Afghan refugees eat lunch at a registration center upon their arrival from Pakistan at the Afghanistan-Pakistan border in Spin Boldak district of Kandahar province on Dec. 3, 2023/AFP
ISLAMABAD: A Pakistani diplomat said Wednesday that nearly 450,000 Afghan nationals returned to their home country since his government announced two months ago that it would deport all undocumented foreigners.
Asif Durrani, Pakistan’s special envoy to Afghanistan, shared the latest data while addressing a seminar in the Pakistani capital, Islamabad. He spoke on a day the United Nations renewed its warning that Afghans returning from Pakistan “face a precarious, uncertain future” in their crisis-hit and impoverished nation.
The Pakistani government says its crackdown is primarily targeting an estimated 1.7 million Afghans who have overstayed their visas or do not possess any document to justify their stay in the country.
“Those who have been asked to leave are the illegal immigrants here. They don’t enjoy the refugee status,” Durrani stressed. “So, almost 450,000 [Afghans] have left. They knew that they were illegal stayers here in Pakistan.”
Those subjects of the deportation drive include close to 700,000 people who took refuge in Pakistan after the withdrawal of the United States and NATO troops from Afghanistan in August 2021.
Durrani clarified again, however, that nearly 2.3 million documented Afghan nationals, including 1.4 legal refugees, hosted by his country are not being asked to leave.
The envoy rejected international criticism of the “lawful” expulsions, saying countries around the world routinely deport foreigners who breach their immigration laws. “It [deportation] becomes legal there in Europe or elsewhere but doesn’t become legal here in Pakistan,” he said. “I think we need to remove this confusion.”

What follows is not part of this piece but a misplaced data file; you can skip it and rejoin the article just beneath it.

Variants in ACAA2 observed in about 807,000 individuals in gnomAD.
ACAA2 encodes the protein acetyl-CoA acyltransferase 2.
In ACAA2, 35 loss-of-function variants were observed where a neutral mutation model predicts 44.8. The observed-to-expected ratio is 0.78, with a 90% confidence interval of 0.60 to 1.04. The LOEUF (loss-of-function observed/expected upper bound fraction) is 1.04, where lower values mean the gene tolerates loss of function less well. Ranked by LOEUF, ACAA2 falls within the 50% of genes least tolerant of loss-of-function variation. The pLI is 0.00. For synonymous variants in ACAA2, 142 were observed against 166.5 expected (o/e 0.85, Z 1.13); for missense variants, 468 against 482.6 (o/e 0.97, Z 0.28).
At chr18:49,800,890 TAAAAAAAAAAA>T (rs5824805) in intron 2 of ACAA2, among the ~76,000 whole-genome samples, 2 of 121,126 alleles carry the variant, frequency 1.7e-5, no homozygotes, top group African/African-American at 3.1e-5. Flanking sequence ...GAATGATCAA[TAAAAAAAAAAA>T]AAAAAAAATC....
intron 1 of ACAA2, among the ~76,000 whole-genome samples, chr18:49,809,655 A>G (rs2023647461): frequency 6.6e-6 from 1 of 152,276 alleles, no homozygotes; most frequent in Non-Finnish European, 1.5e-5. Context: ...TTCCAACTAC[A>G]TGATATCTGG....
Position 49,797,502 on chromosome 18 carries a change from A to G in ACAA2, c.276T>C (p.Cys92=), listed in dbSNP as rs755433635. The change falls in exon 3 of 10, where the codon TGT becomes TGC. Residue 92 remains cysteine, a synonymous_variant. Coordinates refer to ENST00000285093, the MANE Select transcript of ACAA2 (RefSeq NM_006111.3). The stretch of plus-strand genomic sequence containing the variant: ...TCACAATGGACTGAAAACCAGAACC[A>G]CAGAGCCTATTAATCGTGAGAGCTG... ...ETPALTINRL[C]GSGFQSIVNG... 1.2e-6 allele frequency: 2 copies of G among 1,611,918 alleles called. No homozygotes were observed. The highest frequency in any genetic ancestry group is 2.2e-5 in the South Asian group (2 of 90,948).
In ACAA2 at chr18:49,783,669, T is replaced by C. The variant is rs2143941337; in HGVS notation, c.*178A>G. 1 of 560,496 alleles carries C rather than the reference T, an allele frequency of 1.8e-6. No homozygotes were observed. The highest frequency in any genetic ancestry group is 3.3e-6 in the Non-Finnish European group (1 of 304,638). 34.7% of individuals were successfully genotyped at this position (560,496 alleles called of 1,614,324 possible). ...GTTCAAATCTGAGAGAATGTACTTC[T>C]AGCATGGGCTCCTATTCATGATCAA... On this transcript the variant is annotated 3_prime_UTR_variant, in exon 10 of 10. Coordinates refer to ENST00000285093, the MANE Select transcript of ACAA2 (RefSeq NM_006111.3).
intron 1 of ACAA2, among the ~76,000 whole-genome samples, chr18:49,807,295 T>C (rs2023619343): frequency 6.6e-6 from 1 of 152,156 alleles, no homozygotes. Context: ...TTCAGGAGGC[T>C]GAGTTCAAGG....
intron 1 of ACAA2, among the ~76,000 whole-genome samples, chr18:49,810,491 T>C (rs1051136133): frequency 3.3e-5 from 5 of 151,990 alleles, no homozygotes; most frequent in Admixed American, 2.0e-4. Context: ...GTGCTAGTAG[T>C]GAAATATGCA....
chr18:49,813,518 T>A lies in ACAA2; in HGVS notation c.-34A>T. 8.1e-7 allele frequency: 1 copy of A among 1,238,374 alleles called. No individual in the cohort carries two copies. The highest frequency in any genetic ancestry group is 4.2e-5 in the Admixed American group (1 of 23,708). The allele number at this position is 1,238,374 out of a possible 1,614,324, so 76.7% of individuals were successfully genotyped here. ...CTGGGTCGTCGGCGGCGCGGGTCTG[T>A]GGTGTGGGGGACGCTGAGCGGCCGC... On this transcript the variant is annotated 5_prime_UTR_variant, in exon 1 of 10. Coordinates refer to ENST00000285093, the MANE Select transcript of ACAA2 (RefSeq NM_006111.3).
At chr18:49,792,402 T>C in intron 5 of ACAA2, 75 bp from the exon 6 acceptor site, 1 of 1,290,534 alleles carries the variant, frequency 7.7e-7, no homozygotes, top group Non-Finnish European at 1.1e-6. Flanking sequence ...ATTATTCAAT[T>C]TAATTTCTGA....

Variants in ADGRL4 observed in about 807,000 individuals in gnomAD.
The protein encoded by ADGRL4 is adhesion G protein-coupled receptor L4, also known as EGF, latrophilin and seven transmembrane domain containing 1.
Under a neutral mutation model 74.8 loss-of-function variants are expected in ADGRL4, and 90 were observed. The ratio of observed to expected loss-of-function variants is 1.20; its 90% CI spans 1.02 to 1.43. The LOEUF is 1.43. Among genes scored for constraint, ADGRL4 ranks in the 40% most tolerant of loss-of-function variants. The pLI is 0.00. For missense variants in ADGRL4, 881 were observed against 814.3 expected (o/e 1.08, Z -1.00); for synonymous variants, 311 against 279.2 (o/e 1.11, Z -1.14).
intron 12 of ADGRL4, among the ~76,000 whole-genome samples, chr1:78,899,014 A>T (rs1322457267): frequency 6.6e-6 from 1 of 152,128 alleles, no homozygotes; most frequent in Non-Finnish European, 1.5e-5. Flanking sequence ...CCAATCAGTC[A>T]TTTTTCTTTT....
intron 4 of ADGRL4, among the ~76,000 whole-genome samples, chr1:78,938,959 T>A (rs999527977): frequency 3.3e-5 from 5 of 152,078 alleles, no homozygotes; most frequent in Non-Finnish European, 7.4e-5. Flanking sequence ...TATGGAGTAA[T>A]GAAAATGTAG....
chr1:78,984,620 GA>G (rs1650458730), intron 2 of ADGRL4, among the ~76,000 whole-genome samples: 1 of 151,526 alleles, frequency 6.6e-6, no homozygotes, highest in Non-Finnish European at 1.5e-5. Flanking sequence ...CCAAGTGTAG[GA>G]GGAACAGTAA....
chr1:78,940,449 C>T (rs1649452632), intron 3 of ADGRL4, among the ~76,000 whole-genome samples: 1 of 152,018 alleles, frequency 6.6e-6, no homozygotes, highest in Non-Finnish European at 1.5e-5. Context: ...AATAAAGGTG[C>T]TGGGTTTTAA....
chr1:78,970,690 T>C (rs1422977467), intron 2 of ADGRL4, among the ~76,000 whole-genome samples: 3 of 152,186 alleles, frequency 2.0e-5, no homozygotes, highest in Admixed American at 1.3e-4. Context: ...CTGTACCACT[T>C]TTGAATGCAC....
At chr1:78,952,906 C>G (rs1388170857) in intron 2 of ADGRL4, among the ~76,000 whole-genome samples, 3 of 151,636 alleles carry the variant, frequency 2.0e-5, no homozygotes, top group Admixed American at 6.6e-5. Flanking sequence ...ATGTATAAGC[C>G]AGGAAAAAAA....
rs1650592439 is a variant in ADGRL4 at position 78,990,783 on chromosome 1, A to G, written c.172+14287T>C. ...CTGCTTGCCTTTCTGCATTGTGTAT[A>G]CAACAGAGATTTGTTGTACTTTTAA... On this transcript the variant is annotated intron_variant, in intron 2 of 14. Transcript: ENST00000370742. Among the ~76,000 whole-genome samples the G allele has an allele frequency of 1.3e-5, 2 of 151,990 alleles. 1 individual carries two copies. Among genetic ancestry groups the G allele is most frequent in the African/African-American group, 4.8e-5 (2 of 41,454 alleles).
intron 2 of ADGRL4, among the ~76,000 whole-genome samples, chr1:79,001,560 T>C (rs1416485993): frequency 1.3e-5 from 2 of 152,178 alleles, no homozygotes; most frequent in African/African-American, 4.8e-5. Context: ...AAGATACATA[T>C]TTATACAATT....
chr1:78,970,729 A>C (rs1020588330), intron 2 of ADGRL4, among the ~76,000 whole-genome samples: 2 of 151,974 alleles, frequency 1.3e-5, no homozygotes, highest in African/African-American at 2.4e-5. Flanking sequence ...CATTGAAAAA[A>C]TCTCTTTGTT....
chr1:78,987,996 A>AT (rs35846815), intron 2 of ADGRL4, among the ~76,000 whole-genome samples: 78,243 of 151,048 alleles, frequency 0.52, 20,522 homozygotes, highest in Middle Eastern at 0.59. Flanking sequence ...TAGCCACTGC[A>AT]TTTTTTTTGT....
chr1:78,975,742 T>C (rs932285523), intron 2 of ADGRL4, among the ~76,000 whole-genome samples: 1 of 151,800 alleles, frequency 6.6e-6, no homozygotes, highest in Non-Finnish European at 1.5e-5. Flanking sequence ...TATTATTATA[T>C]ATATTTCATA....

Washington is pressing Islamabad to prevent the deportation of approximately 25,000 “vulnerable” individuals who fled the Taliban’s August 2021 takeover in Afghanistan and could be eligible for relocation to or resettlement in the United States.
Julieta Valls Noyes, the U.S. assistant secretary of state for the Bureau of Population, Refugees and Migration, discussed the resettlement of the Afghan refugees with Pakistani officials during her visit to Islamabad this week, the U.S. Embassy said in a statement Wednesday.
It stated that Noyes “discussed how both countries can work together to accelerate the processing of Afghan nationals eligible for relocation or resettlement in the United States, expressed the U.S. desire to continue working with the government of Pakistan as we process individuals in U.S. resettlement pathways, and encouraged upholding international humanitarian principles, including non-refoulment, and protecting vulnerable refugees and asylum seekers.”
Noyes also met with U.N. officials in Islamabad and “heard directly from Afghan refugees on the concerns most important to them,” said the embassy statement.
A Pakistani official privy to the Noyes’ discussions with counterparts in Islamabad told VOA on Tuesday the United States did not oppose Islamabad’s deportation of illegal Afghan nationals but requested the process be slowed down during winter.
Meanwhile, the U.N. World Food Program said Wednesday that returnees are unsure how they will survive a devastating winter in Afghanistan, where more than 6 million people are already internally displaced nationwide.
“These families arrive at the worst of times and face a bleak future in a country where one-third of people do not know where their next meal will come from,” said Hsiao-Wei Lee, the WFP country director. “Leaving behind their homes and livelihoods, they return to start over in a country that gives them few economic opportunities and where many struggle to survive.”
The WFP said it urgently needs $26.3 million to support 1 million returnees from Pakistan arriving in Afghanistan and help them through the winter and into the first months of next year.
In his Wednesday speech, Durrani cited growing terrorist attacks in the country, among other factors, for unleashing the crackdown on undocumented Afghan and other foreign nationals. He said fugitive militants linked to the anti-state Tehrik-i-Taliban Pakistan, or TTP, are plotting the bloodshed from their sanctuaries on Afghan soil.
“The TTP’s enhanced attacks on Pakistan while using Afghan soil have been a serious source of concern for Pakistan,” the envoy reiterated. He reported a 65% increase in TTP attacks in the country’s border areas this year, saying suicide bombings shot up 500% during the same period.
“Another worrying aspect of these attacks has been the involvement of Afghans. Out of 24 attacks by the TTP, 14 were Afghan nationals,” Durrani said.